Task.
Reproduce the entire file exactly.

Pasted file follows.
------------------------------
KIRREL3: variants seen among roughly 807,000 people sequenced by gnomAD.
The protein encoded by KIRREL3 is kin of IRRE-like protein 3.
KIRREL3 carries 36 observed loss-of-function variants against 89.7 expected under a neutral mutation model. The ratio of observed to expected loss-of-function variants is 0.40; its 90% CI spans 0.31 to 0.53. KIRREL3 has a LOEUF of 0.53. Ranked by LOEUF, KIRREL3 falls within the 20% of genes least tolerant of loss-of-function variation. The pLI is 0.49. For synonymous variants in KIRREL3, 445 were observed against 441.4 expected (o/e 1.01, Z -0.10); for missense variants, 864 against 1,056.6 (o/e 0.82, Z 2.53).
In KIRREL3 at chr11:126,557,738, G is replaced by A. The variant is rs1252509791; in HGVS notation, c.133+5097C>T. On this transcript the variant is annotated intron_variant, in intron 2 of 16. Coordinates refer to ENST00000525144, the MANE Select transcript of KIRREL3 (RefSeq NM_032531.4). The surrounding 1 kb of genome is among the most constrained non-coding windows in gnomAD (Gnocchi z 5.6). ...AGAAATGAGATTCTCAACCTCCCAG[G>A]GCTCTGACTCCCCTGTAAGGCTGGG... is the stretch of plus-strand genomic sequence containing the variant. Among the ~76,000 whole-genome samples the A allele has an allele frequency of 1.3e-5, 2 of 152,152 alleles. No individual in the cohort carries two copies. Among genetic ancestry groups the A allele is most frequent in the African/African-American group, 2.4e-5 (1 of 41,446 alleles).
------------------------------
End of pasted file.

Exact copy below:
KIRREL3: variants seen among roughly 807,000 people sequenced by gnomAD.
The protein encoded by KIRREL3 is kin of IRRE-like protein 3.
KIRREL3 carries 36 observed loss-of-function variants against 89.7 expected under a neutral mutation model. The ratio of observed to expected loss-of-function variants is 0.40; its 90% CI spans 0.31 to 0.53. KIRREL3 has a LOEUF of 0.53. Ranked by LOEUF, KIRREL3 falls within the 20% of genes least tolerant of loss-of-function variation. The pLI is 0.49. For synonymous variants in KIRREL3, 445 were observed against 441.4 expected (o/e 1.01, Z -0.10); for missense variants, 864 against 1,056.6 (o/e 0.82, Z 2.53).
In KIRREL3 at chr11:126,557,738, G is replaced by A. The variant is rs1252509791; in HGVS notation, c.133+5097C>T. On this transcript the variant is annotated intron_variant, in intron 2 of 16. Coordinates refer to ENST00000525144, the MANE Select transcript of KIRREL3 (RefSeq NM_032531.4). The surrounding 1 kb of genome is among the most constrained non-coding windows in gnomAD (Gnocchi z 5.6). ...AGAAATGAGATTCTCAACCTCCCAG[G>A]GCTCTGACTCCCCTGTAAGGCTGGG... is the stretch of plus-strand genomic sequence containing the variant. Among the ~76,000 whole-genome samples the A allele has an allele frequency of 1.3e-5, 2 of 152,152 alleles. No individual in the cohort carries two copies. Among genetic ancestry groups the A allele is most frequent in the African/African-American group, 2.4e-5 (1 of 41,446 alleles).